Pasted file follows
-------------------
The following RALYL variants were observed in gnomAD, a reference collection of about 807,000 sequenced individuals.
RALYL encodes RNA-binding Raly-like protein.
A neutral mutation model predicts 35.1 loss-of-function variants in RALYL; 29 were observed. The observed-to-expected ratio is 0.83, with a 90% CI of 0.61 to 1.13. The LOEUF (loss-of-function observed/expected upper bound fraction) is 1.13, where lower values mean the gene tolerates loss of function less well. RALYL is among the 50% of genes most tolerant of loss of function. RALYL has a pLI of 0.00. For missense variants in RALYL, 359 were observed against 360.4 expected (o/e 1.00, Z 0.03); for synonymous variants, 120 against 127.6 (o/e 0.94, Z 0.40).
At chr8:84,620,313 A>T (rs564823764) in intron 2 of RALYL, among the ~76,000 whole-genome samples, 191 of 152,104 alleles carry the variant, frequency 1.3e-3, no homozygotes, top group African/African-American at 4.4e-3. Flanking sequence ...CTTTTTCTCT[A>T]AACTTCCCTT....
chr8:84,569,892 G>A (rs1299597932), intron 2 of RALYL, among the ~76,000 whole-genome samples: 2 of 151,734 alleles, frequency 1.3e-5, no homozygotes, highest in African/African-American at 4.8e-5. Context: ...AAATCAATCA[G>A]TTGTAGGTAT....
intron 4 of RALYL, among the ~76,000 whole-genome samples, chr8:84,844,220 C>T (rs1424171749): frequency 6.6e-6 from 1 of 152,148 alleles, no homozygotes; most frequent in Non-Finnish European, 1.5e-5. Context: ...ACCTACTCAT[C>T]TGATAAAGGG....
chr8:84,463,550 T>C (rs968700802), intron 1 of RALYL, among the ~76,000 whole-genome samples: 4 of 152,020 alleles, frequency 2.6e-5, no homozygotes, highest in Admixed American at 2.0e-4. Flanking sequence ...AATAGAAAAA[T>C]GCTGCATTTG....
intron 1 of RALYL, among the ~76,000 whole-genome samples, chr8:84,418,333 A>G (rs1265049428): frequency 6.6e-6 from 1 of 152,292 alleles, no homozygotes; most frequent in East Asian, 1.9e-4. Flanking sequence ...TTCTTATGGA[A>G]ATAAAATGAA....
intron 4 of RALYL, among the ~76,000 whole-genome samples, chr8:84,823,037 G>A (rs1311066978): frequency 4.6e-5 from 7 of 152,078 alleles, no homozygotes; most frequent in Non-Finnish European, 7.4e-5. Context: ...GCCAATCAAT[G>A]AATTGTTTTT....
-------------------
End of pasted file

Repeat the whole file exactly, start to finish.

The following RALYL variants were observed in gnomAD, a reference collection of about 807,000 sequenced individuals.
RALYL encodes RNA-binding Raly-like protein.
A neutral mutation model predicts 35.1 loss-of-function variants in RALYL; 29 were observed. The observed-to-expected ratio is 0.83, with a 90% CI of 0.61 to 1.13. The LOEUF (loss-of-function observed/expected upper bound fraction) is 1.13, where lower values mean the gene tolerates loss of function less well. RALYL is among the 50% of genes most tolerant of loss of function. RALYL has a pLI of 0.00. For missense variants in RALYL, 359 were observed against 360.4 expected (o/e 1.00, Z 0.03); for synonymous variants, 120 against 127.6 (o/e 0.94, Z 0.40).
At chr8:84,620,313 A>T (rs564823764) in intron 2 of RALYL, among the ~76,000 whole-genome samples, 191 of 152,104 alleles carry the variant, frequency 1.3e-3, no homozygotes, top group African/African-American at 4.4e-3. Flanking sequence ...CTTTTTCTCT[A>T]AACTTCCCTT....
chr8:84,569,892 G>A (rs1299597932), intron 2 of RALYL, among the ~76,000 whole-genome samples: 2 of 151,734 alleles, frequency 1.3e-5, no homozygotes, highest in African/African-American at 4.8e-5. Context: ...AAATCAATCA[G>A]TTGTAGGTAT....
intron 4 of RALYL, among the ~76,000 whole-genome samples, chr8:84,844,220 C>T (rs1424171749): frequency 6.6e-6 from 1 of 152,148 alleles, no homozygotes; most frequent in Non-Finnish European, 1.5e-5. Context: ...ACCTACTCAT[C>T]TGATAAAGGG....
chr8:84,463,550 T>C (rs968700802), intron 1 of RALYL, among the ~76,000 whole-genome samples: 4 of 152,020 alleles, frequency 2.6e-5, no homozygotes, highest in Admixed American at 2.0e-4. Flanking sequence ...AATAGAAAAA[T>C]GCTGCATTTG....
intron 1 of RALYL, among the ~76,000 whole-genome samples, chr8:84,418,333 A>G (rs1265049428): frequency 6.6e-6 from 1 of 152,292 alleles, no homozygotes; most frequent in East Asian, 1.9e-4. Flanking sequence ...TTCTTATGGA[A>G]ATAAAATGAA....
intron 4 of RALYL, among the ~76,000 whole-genome samples, chr8:84,823,037 G>A (rs1311066978): frequency 4.6e-5 from 7 of 152,078 alleles, no homozygotes; most frequent in Non-Finnish European, 7.4e-5. Context: ...GCCAATCAAT[G>A]AATTGTTTTT....